It seems very pertinent to explore the contemporary impressions of the painterly technique employed by Sarian in the article written by Voloshin: ‘Very much in the charm of the Sarian’s art depends on his technique, quite distinct and developed’. Sarian himself talks about his searches. ‘First, I was carried away with the fabulousness of nature. It was necessary to find the means and forms to express my fascination, even to some extent. It was necessary to overcome in oneself the grey and obtrusive school and find one’s own technique, not using the somebody else’s. I started to search for more stable and simple forms and colours to convey the painterly essence of the reality. In sum, my goal was with the simple means, avoiding any heaviness, to reach the maximum expressiveness, and in particular to get rid of the compromise semi-tones. And I think that I have made certain progress in this direction. Besides, my goal is to reach the very basis of realism. I am speaking about the power of expression that is in all real works of art, from the ancient times to the present days. More precisely, [I am speaking] about that power of fascination that was reached by different means in all epochs. Voloshin emphasises in a very similar manner that contemporary critics started to talk about Matisse and other fauvist artists, Derain, Marque, de Vlaminck, the principle of simplification in the work of Sarian. Voloshin writes: ‘The principle of simplification, taken by him as a foundation of his technical searches is a reliable guiding line, which the artist can trust in the modern chaos of aspirations and requirements. The less words the writer uses, the stronger the power of expression is; the less lines, the more expressive the drawing is. The simpler the combination of colours, the more they can say’.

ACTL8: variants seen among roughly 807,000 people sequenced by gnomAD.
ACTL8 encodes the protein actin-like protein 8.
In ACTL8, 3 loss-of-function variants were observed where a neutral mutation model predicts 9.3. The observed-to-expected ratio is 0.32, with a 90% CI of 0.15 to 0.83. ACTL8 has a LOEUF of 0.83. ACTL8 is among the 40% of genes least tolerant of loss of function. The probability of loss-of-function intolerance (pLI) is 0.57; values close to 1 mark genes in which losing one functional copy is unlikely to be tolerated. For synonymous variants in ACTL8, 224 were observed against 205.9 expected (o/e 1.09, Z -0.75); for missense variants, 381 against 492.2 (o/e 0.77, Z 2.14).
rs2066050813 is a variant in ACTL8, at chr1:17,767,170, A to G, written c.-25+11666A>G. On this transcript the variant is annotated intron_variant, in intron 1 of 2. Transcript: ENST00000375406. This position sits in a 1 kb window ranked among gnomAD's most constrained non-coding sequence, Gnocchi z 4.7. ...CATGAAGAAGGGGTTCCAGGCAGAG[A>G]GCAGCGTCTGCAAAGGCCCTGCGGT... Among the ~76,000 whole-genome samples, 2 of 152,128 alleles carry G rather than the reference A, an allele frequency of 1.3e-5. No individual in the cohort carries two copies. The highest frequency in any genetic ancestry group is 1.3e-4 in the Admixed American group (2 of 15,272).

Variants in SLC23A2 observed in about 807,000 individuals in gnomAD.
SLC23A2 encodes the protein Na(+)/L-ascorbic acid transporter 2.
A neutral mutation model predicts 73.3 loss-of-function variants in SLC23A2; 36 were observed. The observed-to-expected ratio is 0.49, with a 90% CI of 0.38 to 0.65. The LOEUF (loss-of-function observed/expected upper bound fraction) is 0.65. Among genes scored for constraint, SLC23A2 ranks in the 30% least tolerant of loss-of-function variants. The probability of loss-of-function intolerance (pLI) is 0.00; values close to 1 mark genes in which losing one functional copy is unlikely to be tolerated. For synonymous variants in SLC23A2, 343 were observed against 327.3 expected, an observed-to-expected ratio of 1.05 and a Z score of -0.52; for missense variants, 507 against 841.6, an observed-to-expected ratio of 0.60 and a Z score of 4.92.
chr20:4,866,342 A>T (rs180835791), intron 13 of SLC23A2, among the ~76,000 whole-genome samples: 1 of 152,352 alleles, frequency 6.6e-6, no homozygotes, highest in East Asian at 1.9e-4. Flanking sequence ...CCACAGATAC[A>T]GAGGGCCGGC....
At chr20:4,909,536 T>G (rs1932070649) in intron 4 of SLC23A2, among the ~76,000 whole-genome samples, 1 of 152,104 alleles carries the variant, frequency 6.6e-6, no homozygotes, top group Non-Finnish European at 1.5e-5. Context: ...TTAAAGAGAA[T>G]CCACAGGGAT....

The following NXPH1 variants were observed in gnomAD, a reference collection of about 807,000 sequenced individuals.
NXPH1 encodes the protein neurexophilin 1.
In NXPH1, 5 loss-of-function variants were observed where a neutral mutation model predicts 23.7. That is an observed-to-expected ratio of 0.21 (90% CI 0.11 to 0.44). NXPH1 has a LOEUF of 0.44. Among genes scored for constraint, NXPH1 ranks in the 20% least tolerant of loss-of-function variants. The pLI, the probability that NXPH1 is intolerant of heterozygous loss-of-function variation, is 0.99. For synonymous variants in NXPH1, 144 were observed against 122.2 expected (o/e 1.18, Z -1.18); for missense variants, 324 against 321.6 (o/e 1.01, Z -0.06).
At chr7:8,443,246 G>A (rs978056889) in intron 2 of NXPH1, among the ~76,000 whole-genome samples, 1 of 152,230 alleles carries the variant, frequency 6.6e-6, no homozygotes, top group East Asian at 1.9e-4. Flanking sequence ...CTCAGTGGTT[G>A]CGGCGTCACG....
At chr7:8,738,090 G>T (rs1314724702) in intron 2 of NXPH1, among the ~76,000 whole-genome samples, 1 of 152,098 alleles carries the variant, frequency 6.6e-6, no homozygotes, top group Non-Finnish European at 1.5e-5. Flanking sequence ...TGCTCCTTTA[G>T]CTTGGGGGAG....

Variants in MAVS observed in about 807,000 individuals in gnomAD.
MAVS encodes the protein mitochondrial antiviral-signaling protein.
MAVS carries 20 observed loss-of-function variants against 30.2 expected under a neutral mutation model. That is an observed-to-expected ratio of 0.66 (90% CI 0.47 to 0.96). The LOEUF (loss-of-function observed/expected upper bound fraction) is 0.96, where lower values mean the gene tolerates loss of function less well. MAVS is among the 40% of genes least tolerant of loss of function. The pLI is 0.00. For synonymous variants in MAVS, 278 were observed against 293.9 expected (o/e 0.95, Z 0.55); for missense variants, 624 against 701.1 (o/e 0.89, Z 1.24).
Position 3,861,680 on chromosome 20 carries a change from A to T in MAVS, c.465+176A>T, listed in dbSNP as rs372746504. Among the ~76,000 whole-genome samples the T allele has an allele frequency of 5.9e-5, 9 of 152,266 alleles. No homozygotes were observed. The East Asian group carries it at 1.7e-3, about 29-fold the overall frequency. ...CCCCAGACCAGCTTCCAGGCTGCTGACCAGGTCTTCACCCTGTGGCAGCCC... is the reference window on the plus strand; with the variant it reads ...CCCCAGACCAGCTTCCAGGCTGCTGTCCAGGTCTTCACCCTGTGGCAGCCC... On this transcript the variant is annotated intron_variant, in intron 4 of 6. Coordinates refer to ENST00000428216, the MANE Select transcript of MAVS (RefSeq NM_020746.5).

The influences of the Russian and the Eastern tradition on Matisse, has been explored in a range of publications including (Alison Hilton 1969), (Rusakov & Bowlt 1975), (Kostenevich 1990), (Kostenevich 1990), (Lyon 1990), (Костеневич et al. 1993), (Wright 2006).